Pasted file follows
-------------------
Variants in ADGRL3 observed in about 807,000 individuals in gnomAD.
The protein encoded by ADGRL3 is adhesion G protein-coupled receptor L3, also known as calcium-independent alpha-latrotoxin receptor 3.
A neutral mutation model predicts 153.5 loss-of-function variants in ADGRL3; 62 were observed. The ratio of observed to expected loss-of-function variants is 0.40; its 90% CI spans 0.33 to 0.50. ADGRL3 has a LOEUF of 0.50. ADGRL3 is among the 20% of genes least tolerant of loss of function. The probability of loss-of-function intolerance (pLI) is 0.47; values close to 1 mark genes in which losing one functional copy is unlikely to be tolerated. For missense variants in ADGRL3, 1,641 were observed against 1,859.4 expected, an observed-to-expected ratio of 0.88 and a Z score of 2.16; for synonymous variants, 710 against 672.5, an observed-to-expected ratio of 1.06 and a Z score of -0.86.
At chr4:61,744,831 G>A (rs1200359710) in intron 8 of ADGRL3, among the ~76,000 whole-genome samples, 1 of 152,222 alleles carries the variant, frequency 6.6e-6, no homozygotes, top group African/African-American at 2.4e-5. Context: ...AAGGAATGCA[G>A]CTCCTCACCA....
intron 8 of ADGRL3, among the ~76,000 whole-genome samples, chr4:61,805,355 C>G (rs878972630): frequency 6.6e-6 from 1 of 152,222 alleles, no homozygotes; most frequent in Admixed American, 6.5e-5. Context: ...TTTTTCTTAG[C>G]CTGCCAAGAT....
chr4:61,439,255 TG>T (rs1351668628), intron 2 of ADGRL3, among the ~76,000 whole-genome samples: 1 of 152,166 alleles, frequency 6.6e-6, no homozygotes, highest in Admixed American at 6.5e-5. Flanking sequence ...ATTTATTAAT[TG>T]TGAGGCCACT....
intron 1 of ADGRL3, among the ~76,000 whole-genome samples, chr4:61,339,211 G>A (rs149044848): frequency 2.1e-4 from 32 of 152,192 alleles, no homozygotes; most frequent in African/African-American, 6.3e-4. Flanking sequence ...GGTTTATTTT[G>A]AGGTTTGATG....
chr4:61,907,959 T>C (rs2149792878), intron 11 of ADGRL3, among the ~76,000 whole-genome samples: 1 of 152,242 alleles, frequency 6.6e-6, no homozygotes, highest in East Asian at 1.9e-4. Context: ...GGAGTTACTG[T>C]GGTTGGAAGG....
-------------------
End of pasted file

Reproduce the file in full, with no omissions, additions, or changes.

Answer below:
Variants in ADGRL3 observed in about 807,000 individuals in gnomAD.
The protein encoded by ADGRL3 is adhesion G protein-coupled receptor L3, also known as calcium-independent alpha-latrotoxin receptor 3.
A neutral mutation model predicts 153.5 loss-of-function variants in ADGRL3; 62 were observed. The ratio of observed to expected loss-of-function variants is 0.40; its 90% CI spans 0.33 to 0.50. ADGRL3 has a LOEUF of 0.50. ADGRL3 is among the 20% of genes least tolerant of loss of function. The probability of loss-of-function intolerance (pLI) is 0.47; values close to 1 mark genes in which losing one functional copy is unlikely to be tolerated. For missense variants in ADGRL3, 1,641 were observed against 1,859.4 expected, an observed-to-expected ratio of 0.88 and a Z score of 2.16; for synonymous variants, 710 against 672.5, an observed-to-expected ratio of 1.06 and a Z score of -0.86.
At chr4:61,744,831 G>A (rs1200359710) in intron 8 of ADGRL3, among the ~76,000 whole-genome samples, 1 of 152,222 alleles carries the variant, frequency 6.6e-6, no homozygotes, top group African/African-American at 2.4e-5. Context: ...AAGGAATGCA[G>A]CTCCTCACCA....
intron 8 of ADGRL3, among the ~76,000 whole-genome samples, chr4:61,805,355 C>G (rs878972630): frequency 6.6e-6 from 1 of 152,222 alleles, no homozygotes; most frequent in Admixed American, 6.5e-5. Context: ...TTTTTCTTAG[C>G]CTGCCAAGAT....
chr4:61,439,255 TG>T (rs1351668628), intron 2 of ADGRL3, among the ~76,000 whole-genome samples: 1 of 152,166 alleles, frequency 6.6e-6, no homozygotes, highest in Admixed American at 6.5e-5. Flanking sequence ...ATTTATTAAT[TG>T]TGAGGCCACT....
intron 1 of ADGRL3, among the ~76,000 whole-genome samples, chr4:61,339,211 G>A (rs149044848): frequency 2.1e-4 from 32 of 152,192 alleles, no homozygotes; most frequent in African/African-American, 6.3e-4. Flanking sequence ...GGTTTATTTT[G>A]AGGTTTGATG....
chr4:61,907,959 T>C (rs2149792878), intron 11 of ADGRL3, among the ~76,000 whole-genome samples: 1 of 152,242 alleles, frequency 6.6e-6, no homozygotes, highest in East Asian at 1.9e-4. Context: ...GGAGTTACTG[T>C]GGTTGGAAGG....